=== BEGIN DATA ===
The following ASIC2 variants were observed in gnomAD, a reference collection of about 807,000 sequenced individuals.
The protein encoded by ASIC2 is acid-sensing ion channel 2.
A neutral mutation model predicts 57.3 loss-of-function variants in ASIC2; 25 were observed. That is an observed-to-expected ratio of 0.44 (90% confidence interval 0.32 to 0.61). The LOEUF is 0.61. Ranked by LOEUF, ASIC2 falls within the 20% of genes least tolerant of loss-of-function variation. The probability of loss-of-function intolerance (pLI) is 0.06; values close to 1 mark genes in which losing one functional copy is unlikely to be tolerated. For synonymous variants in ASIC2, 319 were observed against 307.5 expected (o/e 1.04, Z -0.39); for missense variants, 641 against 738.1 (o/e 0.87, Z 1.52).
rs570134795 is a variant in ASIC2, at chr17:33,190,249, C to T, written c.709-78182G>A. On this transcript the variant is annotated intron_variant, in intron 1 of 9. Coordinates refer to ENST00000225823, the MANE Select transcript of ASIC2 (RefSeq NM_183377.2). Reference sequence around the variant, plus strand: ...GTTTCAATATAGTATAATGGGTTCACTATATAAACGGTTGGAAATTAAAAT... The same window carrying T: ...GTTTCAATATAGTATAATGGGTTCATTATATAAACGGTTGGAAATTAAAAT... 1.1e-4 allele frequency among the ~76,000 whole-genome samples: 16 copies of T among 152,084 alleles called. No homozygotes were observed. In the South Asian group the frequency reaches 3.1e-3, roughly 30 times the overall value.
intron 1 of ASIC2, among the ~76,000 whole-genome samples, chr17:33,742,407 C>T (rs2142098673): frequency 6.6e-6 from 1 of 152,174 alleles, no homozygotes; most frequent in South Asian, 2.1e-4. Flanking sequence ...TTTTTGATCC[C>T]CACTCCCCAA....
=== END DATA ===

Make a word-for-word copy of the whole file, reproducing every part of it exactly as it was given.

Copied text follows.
The following ASIC2 variants were observed in gnomAD, a reference collection of about 807,000 sequenced individuals.
The protein encoded by ASIC2 is acid-sensing ion channel 2.
A neutral mutation model predicts 57.3 loss-of-function variants in ASIC2; 25 were observed. That is an observed-to-expected ratio of 0.44 (90% confidence interval 0.32 to 0.61). The LOEUF is 0.61. Ranked by LOEUF, ASIC2 falls within the 20% of genes least tolerant of loss-of-function variation. The probability of loss-of-function intolerance (pLI) is 0.06; values close to 1 mark genes in which losing one functional copy is unlikely to be tolerated. For synonymous variants in ASIC2, 319 were observed against 307.5 expected (o/e 1.04, Z -0.39); for missense variants, 641 against 738.1 (o/e 0.87, Z 1.52).
rs570134795 is a variant in ASIC2, at chr17:33,190,249, C to T, written c.709-78182G>A. On this transcript the variant is annotated intron_variant, in intron 1 of 9. Coordinates refer to ENST00000225823, the MANE Select transcript of ASIC2 (RefSeq NM_183377.2). Reference sequence around the variant, plus strand: ...GTTTCAATATAGTATAATGGGTTCACTATATAAACGGTTGGAAATTAAAAT... The same window carrying T: ...GTTTCAATATAGTATAATGGGTTCATTATATAAACGGTTGGAAATTAAAAT... 1.1e-4 allele frequency among the ~76,000 whole-genome samples: 16 copies of T among 152,084 alleles called. No homozygotes were observed. In the South Asian group the frequency reaches 3.1e-3, roughly 30 times the overall value.
intron 1 of ASIC2, among the ~76,000 whole-genome samples, chr17:33,742,407 C>T (rs2142098673): frequency 6.6e-6 from 1 of 152,174 alleles, no homozygotes; most frequent in South Asian, 2.1e-4. Flanking sequence ...TTTTTGATCC[C>T]CACTCCCCAA....